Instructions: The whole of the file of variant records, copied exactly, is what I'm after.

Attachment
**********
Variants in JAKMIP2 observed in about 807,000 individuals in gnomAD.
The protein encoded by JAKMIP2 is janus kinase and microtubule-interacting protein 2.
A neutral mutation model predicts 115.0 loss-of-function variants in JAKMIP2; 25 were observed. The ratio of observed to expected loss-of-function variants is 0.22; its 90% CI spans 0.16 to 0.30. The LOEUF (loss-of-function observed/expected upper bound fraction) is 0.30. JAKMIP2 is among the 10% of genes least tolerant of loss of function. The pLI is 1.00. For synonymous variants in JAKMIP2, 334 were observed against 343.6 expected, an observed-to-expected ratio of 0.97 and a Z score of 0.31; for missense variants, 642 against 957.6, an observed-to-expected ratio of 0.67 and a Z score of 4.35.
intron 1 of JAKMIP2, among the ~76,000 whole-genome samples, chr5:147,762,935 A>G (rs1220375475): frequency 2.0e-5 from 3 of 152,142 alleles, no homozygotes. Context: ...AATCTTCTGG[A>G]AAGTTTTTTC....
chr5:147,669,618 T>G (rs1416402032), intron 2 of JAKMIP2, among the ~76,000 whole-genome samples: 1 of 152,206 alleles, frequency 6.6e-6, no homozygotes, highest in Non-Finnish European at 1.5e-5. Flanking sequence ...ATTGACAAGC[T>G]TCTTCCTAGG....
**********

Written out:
Variants in JAKMIP2 observed in about 807,000 individuals in gnomAD.
The protein encoded by JAKMIP2 is janus kinase and microtubule-interacting protein 2.
A neutral mutation model predicts 115.0 loss-of-function variants in JAKMIP2; 25 were observed. The ratio of observed to expected loss-of-function variants is 0.22; its 90% CI spans 0.16 to 0.30. The LOEUF (loss-of-function observed/expected upper bound fraction) is 0.30. JAKMIP2 is among the 10% of genes least tolerant of loss of function. The pLI is 1.00. For synonymous variants in JAKMIP2, 334 were observed against 343.6 expected, an observed-to-expected ratio of 0.97 and a Z score of 0.31; for missense variants, 642 against 957.6, an observed-to-expected ratio of 0.67 and a Z score of 4.35.
intron 1 of JAKMIP2, among the ~76,000 whole-genome samples, chr5:147,762,935 A>G (rs1220375475): frequency 2.0e-5 from 3 of 152,142 alleles, no homozygotes. Context: ...AATCTTCTGG[A>G]AAGTTTTTTC....
chr5:147,669,618 T>G (rs1416402032), intron 2 of JAKMIP2, among the ~76,000 whole-genome samples: 1 of 152,206 alleles, frequency 6.6e-6, no homozygotes, highest in Non-Finnish European at 1.5e-5. Flanking sequence ...ATTGACAAGC[T>G]TCTTCCTAGG....